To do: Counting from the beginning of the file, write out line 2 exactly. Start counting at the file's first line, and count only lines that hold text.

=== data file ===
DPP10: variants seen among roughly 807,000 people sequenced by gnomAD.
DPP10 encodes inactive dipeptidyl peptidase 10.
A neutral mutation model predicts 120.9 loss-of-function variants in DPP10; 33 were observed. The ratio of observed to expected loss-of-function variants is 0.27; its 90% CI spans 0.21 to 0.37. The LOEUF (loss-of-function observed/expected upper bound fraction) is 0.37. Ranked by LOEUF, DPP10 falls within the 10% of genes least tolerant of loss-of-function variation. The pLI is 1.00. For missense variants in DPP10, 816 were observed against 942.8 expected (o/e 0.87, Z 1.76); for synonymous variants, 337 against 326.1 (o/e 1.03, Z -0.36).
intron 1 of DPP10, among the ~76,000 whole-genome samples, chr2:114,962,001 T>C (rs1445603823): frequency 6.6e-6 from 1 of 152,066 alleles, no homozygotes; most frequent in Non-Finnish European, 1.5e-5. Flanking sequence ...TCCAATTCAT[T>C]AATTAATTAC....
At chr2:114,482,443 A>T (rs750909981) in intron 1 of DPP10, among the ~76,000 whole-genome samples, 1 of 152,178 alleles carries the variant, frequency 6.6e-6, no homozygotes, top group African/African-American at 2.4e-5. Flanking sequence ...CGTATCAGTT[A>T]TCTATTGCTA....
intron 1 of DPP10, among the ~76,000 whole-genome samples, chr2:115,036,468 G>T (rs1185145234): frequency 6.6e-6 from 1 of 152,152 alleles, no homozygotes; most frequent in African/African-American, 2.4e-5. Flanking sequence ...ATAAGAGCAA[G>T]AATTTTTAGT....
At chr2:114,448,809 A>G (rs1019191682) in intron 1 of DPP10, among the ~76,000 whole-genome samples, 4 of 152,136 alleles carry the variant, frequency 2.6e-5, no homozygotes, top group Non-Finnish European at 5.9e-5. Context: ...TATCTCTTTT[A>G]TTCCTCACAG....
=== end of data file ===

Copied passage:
DPP10 encodes inactive dipeptidyl peptidase 10.